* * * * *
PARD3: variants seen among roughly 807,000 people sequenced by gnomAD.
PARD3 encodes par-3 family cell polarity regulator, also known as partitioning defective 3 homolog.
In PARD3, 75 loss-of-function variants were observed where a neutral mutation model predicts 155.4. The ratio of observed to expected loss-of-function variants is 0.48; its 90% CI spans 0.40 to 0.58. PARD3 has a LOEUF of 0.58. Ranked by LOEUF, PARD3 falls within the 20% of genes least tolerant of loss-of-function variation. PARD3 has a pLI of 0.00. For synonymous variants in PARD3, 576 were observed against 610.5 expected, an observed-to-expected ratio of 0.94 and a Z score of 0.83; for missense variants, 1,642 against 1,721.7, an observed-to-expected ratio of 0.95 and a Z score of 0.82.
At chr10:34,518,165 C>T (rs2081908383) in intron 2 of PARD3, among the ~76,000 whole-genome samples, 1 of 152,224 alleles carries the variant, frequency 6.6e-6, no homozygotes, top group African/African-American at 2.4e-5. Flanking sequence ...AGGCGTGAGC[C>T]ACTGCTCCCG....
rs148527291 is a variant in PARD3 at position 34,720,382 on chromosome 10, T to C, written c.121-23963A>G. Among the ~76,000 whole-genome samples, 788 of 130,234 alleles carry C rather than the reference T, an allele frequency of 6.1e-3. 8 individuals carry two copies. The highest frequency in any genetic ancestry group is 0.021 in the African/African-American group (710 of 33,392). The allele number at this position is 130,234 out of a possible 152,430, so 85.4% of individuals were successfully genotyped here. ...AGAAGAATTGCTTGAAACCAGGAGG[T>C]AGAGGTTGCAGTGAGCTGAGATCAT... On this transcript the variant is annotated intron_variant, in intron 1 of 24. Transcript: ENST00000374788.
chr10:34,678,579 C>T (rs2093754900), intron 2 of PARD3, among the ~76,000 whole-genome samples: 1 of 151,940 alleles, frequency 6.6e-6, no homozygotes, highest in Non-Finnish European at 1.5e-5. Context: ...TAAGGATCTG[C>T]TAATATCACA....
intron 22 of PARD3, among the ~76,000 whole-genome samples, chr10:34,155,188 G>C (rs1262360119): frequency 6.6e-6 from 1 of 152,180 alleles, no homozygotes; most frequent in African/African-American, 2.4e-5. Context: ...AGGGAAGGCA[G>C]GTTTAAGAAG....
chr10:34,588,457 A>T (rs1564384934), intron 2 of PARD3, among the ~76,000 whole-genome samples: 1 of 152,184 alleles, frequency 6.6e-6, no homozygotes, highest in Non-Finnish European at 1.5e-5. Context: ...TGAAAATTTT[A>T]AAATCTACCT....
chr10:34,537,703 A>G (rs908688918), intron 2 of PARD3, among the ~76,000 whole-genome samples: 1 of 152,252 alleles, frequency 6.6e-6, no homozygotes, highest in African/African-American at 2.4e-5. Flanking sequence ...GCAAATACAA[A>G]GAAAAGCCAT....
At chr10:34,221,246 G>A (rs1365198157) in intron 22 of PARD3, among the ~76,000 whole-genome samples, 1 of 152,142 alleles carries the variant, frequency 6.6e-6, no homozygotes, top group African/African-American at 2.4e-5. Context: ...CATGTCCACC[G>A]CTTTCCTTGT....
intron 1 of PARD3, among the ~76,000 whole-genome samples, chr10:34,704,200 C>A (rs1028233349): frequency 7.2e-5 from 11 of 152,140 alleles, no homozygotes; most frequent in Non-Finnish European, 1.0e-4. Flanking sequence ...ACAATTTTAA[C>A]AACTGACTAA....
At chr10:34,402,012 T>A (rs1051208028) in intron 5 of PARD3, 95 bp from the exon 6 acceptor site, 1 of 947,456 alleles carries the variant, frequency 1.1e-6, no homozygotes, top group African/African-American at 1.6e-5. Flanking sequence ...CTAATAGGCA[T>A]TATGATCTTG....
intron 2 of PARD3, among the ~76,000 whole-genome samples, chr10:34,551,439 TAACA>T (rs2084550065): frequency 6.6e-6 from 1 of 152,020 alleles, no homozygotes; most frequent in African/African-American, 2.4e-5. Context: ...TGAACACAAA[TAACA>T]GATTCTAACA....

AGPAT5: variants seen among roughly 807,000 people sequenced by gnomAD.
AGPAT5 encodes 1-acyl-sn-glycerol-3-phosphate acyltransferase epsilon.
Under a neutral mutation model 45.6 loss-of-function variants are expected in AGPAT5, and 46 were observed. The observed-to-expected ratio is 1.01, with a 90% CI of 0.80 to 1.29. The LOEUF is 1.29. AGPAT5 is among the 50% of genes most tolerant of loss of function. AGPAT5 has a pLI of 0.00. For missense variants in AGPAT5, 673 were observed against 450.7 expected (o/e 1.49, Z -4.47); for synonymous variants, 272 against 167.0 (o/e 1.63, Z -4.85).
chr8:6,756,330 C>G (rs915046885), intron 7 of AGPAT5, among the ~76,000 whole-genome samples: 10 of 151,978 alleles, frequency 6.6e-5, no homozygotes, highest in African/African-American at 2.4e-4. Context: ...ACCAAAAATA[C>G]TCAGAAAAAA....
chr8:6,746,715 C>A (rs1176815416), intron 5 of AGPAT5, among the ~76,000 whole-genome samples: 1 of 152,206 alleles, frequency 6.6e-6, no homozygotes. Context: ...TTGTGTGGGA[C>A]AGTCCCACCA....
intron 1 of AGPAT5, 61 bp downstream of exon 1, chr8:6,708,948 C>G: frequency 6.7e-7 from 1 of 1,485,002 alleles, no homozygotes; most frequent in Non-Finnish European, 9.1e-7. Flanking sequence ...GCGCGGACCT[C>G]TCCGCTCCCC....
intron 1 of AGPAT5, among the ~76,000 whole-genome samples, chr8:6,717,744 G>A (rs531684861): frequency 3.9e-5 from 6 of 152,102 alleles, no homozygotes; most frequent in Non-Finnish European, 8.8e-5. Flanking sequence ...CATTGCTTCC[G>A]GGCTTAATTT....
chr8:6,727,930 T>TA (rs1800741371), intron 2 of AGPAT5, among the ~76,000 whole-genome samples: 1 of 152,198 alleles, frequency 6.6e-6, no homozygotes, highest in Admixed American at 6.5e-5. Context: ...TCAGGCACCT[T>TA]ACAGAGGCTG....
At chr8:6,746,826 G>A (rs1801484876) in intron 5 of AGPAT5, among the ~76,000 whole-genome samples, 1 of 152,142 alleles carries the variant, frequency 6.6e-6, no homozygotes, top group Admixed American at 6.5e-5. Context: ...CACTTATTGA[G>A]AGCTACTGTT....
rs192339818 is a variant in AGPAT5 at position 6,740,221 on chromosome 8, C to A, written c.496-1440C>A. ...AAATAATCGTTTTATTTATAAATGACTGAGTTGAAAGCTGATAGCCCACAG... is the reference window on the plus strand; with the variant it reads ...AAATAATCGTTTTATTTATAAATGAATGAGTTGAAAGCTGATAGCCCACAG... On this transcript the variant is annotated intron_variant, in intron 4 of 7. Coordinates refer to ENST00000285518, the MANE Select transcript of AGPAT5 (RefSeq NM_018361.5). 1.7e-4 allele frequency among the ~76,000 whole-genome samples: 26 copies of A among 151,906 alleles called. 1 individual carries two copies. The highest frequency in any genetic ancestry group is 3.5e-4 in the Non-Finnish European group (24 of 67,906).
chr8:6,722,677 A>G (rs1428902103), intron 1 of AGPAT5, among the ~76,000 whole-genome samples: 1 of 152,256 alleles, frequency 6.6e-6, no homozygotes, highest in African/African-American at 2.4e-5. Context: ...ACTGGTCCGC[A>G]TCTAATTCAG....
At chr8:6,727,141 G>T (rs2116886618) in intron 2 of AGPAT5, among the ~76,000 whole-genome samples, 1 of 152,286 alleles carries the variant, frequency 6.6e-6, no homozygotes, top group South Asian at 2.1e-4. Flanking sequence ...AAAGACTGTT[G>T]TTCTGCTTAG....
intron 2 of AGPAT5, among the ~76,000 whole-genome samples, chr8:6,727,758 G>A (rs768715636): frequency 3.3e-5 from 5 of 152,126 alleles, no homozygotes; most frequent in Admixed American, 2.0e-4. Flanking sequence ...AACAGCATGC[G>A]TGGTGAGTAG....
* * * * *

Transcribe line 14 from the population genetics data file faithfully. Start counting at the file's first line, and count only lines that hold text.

AGPAT5: variants seen among roughly 807,000 people sequenced by gnomAD.